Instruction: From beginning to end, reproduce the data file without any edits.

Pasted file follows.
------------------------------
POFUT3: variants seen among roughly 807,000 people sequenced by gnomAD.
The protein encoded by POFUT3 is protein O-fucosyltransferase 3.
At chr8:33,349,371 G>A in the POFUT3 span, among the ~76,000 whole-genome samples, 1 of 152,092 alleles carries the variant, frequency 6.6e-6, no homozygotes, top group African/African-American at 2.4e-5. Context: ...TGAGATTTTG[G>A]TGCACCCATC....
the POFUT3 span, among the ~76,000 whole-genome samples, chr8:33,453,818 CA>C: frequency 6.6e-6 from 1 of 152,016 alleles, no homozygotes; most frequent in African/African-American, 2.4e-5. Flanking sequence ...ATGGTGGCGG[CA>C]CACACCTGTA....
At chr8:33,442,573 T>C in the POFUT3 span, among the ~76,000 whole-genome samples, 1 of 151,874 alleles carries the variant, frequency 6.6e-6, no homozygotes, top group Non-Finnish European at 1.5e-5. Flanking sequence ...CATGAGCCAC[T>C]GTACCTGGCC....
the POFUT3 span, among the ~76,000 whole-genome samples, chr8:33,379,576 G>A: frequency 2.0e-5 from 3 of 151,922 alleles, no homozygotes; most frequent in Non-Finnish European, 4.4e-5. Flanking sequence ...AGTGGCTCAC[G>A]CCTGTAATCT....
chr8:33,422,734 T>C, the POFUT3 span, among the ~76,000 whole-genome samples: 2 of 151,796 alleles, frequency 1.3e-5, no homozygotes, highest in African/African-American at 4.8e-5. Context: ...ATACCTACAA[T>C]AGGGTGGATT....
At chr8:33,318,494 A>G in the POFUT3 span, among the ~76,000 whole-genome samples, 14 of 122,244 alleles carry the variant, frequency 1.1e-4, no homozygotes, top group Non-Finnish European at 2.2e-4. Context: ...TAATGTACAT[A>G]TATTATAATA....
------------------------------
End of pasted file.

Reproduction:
POFUT3: variants seen among roughly 807,000 people sequenced by gnomAD.
The protein encoded by POFUT3 is protein O-fucosyltransferase 3.
At chr8:33,349,371 G>A in the POFUT3 span, among the ~76,000 whole-genome samples, 1 of 152,092 alleles carries the variant, frequency 6.6e-6, no homozygotes, top group African/African-American at 2.4e-5. Context: ...TGAGATTTTG[G>A]TGCACCCATC....
the POFUT3 span, among the ~76,000 whole-genome samples, chr8:33,453,818 CA>C: frequency 6.6e-6 from 1 of 152,016 alleles, no homozygotes; most frequent in African/African-American, 2.4e-5. Flanking sequence ...ATGGTGGCGG[CA>C]CACACCTGTA....
At chr8:33,442,573 T>C in the POFUT3 span, among the ~76,000 whole-genome samples, 1 of 151,874 alleles carries the variant, frequency 6.6e-6, no homozygotes, top group Non-Finnish European at 1.5e-5. Flanking sequence ...CATGAGCCAC[T>C]GTACCTGGCC....
the POFUT3 span, among the ~76,000 whole-genome samples, chr8:33,379,576 G>A: frequency 2.0e-5 from 3 of 151,922 alleles, no homozygotes; most frequent in Non-Finnish European, 4.4e-5. Flanking sequence ...AGTGGCTCAC[G>A]CCTGTAATCT....
chr8:33,422,734 T>C, the POFUT3 span, among the ~76,000 whole-genome samples: 2 of 151,796 alleles, frequency 1.3e-5, no homozygotes, highest in African/African-American at 4.8e-5. Context: ...ATACCTACAA[T>C]AGGGTGGATT....
At chr8:33,318,494 A>G in the POFUT3 span, among the ~76,000 whole-genome samples, 14 of 122,244 alleles carry the variant, frequency 1.1e-4, no homozygotes, top group Non-Finnish European at 2.2e-4. Context: ...TAATGTACAT[A>G]TATTATAATA....